Taiwan's National Health Insurance (NHI) program under Ministry of Health and Welfare is using big data it collects to train AI in developing smart medical care solutions.
NHI Administration director general Lee Po-chang said his administration focuses on three core concepts in using the big data: data management, clinical application of AI technology, and protection of privacy of personal data.
Analysis of medical records can result in fast ICD-10 (10th revision of International Statistical Classification of Diseases and Related Health Problems) coding of diseases to reduce hospital staffs' workload of coding diseases, Lee said.
For interpretation of medical images, the more NHI images are used, the better AI algorithmic models are trained, Lee noted. For preventive medicine, medical images, such as CT and MRI ones, have to be further classified and combined with diagnostic content and, in addition, related data such as blood lipid, age and sex should be included in analysis, Lee indicated.
The administration appreciates the medical value of minimally invasive surgery but, from the viewpoint of NHI insurance benefit, has to evaluate whether the advanced technology can bring higher medical effects than conventional treatments and the cost incurred, Lee explained.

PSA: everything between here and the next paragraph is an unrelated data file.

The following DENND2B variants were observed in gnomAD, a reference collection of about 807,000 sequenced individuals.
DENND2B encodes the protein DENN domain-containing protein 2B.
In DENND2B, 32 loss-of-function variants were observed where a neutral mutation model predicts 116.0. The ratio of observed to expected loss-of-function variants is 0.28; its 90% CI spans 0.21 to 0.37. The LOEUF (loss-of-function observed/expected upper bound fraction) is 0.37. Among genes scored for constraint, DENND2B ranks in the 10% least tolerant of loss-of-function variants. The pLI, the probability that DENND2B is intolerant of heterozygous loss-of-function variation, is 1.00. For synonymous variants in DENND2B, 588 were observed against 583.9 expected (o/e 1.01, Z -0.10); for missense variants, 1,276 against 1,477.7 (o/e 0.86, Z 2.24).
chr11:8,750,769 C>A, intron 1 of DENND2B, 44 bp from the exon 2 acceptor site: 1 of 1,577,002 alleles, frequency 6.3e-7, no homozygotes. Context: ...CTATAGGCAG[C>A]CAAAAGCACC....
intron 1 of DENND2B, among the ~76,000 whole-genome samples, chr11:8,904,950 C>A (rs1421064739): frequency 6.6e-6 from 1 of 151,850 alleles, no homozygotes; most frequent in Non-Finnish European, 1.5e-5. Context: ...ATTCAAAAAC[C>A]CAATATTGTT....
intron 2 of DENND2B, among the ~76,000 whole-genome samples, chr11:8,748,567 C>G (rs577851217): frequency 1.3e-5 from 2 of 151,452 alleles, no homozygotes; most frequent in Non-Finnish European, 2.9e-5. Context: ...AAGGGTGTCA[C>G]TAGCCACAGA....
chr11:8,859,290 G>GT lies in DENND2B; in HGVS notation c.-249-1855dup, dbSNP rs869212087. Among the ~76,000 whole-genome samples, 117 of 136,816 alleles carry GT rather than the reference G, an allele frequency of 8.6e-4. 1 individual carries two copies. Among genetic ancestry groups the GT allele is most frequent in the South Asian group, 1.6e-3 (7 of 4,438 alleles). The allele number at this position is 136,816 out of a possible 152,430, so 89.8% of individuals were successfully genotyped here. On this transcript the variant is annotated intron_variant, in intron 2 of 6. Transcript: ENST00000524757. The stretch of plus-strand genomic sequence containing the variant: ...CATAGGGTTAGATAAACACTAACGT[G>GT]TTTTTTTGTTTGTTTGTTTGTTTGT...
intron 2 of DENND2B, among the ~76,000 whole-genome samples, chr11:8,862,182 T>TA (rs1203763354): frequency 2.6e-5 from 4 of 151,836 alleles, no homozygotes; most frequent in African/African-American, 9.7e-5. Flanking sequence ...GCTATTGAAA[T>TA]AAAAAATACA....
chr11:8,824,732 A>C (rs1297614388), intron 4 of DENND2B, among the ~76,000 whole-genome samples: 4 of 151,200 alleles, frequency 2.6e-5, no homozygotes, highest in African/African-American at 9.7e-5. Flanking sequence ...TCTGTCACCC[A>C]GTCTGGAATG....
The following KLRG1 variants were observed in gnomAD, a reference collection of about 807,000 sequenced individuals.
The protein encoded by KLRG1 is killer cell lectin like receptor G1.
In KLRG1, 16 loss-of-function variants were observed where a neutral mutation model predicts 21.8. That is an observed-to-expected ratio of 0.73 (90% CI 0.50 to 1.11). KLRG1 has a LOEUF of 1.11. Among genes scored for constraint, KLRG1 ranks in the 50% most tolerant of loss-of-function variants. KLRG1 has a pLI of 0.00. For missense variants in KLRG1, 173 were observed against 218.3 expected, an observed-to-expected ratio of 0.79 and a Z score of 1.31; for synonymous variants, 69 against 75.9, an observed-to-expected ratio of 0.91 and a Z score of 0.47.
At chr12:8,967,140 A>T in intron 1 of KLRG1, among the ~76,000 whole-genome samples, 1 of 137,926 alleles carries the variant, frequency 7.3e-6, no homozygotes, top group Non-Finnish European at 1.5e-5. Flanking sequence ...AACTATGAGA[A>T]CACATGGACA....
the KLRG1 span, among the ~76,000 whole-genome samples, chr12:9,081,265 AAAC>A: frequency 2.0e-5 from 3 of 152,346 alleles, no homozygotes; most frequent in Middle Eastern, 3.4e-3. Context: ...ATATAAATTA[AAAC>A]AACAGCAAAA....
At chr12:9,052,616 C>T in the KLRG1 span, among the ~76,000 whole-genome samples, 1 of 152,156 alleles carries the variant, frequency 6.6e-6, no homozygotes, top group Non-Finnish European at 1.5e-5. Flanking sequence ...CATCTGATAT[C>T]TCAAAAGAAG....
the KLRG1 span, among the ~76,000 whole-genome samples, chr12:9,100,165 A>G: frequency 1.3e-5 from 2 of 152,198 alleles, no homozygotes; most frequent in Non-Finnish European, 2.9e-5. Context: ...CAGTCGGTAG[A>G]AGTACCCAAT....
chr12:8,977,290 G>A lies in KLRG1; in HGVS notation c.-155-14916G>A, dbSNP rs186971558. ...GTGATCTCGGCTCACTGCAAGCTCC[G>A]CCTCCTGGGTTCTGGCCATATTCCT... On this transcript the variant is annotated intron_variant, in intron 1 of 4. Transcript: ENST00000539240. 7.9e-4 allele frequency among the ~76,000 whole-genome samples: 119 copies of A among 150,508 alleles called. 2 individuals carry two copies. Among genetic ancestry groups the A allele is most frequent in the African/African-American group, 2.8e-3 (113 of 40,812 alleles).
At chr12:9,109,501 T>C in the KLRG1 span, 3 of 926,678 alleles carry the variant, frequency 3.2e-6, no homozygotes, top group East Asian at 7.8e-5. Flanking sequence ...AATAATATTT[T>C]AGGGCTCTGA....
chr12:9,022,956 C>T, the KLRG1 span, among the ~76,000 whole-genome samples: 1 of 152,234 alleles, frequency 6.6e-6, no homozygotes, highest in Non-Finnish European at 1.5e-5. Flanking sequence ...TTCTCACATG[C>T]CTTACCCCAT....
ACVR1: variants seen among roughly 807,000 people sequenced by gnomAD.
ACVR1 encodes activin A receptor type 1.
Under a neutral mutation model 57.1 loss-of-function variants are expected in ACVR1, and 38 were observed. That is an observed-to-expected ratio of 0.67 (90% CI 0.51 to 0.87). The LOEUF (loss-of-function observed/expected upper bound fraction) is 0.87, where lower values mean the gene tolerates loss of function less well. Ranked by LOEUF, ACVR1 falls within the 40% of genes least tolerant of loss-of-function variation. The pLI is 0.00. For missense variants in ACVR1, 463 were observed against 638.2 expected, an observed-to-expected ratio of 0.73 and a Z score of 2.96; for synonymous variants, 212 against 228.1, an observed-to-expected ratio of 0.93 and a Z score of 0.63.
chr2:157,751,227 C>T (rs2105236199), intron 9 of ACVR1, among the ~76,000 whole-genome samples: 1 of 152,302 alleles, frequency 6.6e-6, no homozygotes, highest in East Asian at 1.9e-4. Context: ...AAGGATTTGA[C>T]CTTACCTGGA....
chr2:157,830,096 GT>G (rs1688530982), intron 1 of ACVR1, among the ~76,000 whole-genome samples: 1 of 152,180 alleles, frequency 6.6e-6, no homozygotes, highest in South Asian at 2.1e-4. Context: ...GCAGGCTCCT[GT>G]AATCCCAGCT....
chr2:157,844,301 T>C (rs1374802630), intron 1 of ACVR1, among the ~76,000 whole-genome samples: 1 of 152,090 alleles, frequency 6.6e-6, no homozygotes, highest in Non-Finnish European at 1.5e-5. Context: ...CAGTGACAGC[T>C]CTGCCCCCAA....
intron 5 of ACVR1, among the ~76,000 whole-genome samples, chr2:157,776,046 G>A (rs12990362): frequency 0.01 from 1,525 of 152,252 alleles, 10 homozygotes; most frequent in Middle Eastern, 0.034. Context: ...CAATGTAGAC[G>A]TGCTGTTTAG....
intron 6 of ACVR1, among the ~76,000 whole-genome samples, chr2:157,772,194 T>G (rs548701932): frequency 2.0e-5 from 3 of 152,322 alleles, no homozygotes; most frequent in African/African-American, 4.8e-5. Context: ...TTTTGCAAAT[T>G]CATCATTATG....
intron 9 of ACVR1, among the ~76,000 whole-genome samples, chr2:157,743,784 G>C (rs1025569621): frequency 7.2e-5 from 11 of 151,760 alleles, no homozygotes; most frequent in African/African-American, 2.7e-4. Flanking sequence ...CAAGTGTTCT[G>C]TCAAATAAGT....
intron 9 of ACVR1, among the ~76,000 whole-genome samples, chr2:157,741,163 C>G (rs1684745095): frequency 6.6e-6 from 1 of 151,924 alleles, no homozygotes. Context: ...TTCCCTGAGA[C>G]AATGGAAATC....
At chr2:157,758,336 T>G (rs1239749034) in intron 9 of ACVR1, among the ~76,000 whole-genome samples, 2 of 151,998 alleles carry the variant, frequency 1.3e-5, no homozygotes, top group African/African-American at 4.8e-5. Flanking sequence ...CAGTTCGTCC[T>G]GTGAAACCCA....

The NHI database consists of various medical data uploaded by about 30,000 hospitals and clinics in Taiwan. The data are first incorporated into a database of which underlying architecture is based on Oracle system. They are stored in 32-digit codes for de-identification with a string of keys, which are crucial to protecting privacy, because there is no telling the linkage between the medical data and corresponding personal identification.
NHI data have so far been available for academic and research organizations mostly, Lee said. But the administration is communicating with life insurance companies about using NHI data to help them design insurance products that better meet customers' needs, Lee noted.
Lee Po-chang, director general of Taiwan's National Health Insurance Administration
Photo: Shihmin Fu, Digitimes, March 2020